June 11, 2009

Reindeer Numbers Falling Across Northern Hemisphere

Reindeer and caribou populations are declining around the world, from Alaska and Canada, to Greenland, Scandinavia and Russia.

The iconic deer is incredibly important to indigenous groups in the north. However, it is growing trickier for the deer to live in a world growing hotter from climate change and changed by industrial development.

Reindeer and caribou all belong to the same species, Rangier tarandus.

Caribou live in Canada, Alaska and Greenland, while reindeer live in Russia, Norway, Sweden and Finland.

Although there are seven species of the animal, each group is genetically and behaviorally diverse, even though they can breed with one another.

Each subgroup is also affected in different ways. For instance, the Canadian populations of caribou have declined from logging, oil and gas exploration, and road construction, says Liv Vors from the University of Alberta in Canada. On the other hand, reports began coming in that the populations of other herds were also decreasing.

"When we discovered that many herds of reindeer also were declining we decided to compile a comprehensive survey to see if this indeed was a global pattern," says Vors.

Vors and Mark Boyce at the University of Alberta got in touch with other researchers around the globe and researched published reports and government statistics for all the data they could find about reindeer and caribou populations. They stockpiled information on 58 major herds in the Northern Hemisphere.

The scientists were stunned to find that 34 of the herds were falling, while no information was available for 16 others. Only eight herds saw an increase in population. A few herd's numbers had been falling at least a decade.

"We were surprised at the ubiquity of the decline," says Vors. "We knew that woodland caribou in North America were in bad shape."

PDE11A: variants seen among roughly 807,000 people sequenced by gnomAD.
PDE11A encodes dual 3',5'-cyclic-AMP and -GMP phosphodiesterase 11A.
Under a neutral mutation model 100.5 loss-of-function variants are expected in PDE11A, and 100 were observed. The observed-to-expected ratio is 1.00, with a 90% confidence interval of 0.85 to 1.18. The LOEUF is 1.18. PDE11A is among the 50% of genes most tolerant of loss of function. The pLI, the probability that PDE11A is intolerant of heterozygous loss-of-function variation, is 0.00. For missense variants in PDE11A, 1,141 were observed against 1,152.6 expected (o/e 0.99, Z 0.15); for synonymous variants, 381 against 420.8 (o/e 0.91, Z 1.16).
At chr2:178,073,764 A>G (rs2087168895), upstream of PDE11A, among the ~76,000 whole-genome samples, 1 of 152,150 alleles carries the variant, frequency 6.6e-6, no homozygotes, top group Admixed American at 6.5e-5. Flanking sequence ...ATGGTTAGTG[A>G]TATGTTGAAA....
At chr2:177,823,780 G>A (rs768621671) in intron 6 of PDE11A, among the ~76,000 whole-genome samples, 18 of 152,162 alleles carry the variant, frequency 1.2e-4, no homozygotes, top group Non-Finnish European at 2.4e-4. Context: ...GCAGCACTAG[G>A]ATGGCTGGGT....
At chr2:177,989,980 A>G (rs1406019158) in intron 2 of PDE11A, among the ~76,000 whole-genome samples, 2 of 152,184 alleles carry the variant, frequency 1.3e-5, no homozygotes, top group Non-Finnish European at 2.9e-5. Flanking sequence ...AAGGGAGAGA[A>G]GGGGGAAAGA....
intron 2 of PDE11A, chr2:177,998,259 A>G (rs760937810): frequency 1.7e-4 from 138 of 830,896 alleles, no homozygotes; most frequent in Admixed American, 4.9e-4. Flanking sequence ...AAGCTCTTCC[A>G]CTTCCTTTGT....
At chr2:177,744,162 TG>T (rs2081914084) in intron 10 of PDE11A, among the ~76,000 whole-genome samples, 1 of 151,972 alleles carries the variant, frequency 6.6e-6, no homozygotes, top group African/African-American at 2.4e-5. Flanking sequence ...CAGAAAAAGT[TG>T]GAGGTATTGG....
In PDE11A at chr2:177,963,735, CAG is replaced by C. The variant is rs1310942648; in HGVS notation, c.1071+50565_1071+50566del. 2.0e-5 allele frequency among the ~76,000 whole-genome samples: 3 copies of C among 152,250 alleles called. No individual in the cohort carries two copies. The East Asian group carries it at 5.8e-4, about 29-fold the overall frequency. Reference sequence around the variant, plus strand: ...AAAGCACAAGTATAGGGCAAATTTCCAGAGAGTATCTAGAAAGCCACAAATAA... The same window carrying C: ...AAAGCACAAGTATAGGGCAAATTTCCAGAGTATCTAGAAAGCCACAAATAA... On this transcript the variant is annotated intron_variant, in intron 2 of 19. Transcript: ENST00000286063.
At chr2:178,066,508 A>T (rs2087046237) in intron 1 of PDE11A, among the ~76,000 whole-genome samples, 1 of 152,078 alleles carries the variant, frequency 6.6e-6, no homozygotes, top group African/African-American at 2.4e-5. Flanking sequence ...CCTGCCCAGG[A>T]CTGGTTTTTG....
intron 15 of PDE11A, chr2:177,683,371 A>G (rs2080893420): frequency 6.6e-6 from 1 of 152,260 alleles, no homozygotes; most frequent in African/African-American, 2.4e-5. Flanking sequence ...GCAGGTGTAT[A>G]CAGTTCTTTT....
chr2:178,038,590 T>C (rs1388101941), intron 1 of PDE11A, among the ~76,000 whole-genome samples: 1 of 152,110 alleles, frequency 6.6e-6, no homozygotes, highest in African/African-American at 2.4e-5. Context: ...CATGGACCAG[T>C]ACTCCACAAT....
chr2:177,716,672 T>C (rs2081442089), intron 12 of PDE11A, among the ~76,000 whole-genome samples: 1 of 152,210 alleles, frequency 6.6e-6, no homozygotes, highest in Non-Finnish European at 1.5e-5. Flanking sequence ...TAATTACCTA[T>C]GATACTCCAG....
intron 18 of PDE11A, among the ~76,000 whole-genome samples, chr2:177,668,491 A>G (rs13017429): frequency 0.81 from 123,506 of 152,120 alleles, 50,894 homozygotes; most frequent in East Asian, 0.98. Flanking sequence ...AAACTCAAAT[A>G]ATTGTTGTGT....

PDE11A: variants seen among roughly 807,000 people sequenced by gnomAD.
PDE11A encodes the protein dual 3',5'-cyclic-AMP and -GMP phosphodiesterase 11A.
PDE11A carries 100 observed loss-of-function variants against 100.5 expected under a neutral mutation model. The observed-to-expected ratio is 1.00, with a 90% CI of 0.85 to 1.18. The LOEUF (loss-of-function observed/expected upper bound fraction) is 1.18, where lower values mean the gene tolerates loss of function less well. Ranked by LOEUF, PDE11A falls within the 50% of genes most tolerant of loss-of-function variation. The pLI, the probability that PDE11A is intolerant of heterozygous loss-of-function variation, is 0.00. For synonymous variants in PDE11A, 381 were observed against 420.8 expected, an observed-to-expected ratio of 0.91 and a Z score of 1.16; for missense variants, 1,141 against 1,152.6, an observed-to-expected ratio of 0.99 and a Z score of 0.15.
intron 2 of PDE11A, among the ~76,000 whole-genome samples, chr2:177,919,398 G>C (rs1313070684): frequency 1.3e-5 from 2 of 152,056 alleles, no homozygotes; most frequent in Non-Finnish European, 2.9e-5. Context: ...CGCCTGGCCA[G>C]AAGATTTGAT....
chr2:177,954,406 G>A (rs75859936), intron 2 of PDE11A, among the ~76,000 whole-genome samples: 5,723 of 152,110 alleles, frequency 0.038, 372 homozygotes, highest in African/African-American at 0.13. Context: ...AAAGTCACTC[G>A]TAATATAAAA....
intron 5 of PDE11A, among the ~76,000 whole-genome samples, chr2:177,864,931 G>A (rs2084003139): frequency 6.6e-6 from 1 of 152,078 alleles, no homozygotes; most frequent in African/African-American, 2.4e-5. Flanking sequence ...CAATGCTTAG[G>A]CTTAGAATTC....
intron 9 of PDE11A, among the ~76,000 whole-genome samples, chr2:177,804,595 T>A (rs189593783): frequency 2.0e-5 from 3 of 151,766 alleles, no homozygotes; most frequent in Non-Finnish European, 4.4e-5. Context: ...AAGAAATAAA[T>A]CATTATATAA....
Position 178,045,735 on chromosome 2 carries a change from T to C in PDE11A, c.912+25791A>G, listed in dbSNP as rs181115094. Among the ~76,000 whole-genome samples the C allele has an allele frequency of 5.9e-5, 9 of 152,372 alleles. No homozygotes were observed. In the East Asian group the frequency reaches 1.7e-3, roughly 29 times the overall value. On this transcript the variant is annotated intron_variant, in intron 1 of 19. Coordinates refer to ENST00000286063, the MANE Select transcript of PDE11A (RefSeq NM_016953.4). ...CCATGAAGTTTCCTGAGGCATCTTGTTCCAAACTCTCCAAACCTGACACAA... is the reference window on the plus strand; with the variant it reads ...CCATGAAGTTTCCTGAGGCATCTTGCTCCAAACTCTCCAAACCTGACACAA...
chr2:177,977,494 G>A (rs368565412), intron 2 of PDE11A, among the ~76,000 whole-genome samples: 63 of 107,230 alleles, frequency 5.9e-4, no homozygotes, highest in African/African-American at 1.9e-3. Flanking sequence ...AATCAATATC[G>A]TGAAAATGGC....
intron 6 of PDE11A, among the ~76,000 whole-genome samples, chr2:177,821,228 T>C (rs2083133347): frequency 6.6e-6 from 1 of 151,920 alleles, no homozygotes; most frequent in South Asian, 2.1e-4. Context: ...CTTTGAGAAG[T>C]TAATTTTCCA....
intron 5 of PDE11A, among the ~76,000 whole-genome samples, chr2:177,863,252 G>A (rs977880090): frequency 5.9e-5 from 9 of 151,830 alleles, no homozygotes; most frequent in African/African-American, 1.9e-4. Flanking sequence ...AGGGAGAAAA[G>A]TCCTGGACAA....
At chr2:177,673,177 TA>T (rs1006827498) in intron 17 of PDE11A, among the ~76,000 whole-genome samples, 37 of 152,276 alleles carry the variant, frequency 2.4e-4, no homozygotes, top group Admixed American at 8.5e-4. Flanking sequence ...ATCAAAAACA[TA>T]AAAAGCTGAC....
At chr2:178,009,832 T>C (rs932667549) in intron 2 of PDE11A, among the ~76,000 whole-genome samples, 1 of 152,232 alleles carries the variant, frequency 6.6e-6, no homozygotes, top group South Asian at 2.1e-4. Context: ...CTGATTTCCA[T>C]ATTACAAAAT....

The researchers were, however, surprised that caribou and reindeer numbers seem to be almost synched across the Northern Hemisphere.

"When we delved into the status of European reindeer herds, we were surprised that so many were declining. We expected them to be in better shape than North America herds because reindeer, namely the semi-domestic herds, are closely managed by humans."

The populations were plotted on a map by the researchers, which is available in Global Change Biology.

"Seeing that sea of red was a sobering moment," Vors said to BBC News. "If global climate change and industrial development continue at the current pace, caribou and reindeer populations will continue to decline in abundance."

"Currently, climate change is most important for Arctic caribou and reindeer, while anthropogenic landscape change is most important for non-migratory woodland caribou."

The climate change means much warmer summers, which causes more insect activity, and caribou and reindeer that are bothered by bugs cannot feed as well to put on weight prior to winter. Springs that arrive earlier mean plants are dying when the migrating animals reach them, while the freezing rains of the warmer winters create ice on the ground. The caribou and reindeer get to their food, and then starve.

"In time, however, climate change will become more important for woodland caribou, and landscape change will have a greater effect on arctic caribou and reindeer," Vors continues.

"There likely will be more forest fires in woodland caribou habitat, as well as diseases and parasites transmitted to caribou from white-tailed deer, whose range is expanding northward in Canada. More roads are being built in the Arctic, as well as infrastructures like diamond mines, and these sometimes interfere with migration routes."

Unless something is done soon, all seven sub-species will eventually die off.

"The concern is that their habitat and the climate are changing too quickly for them to adapt," Vors added. "From a Canadian perspective, the caribou is part of our national identity. Canada's caribou migrations have frequently been identified as one of this country's natural wonders, and the species even appears on our 25-cent coin."


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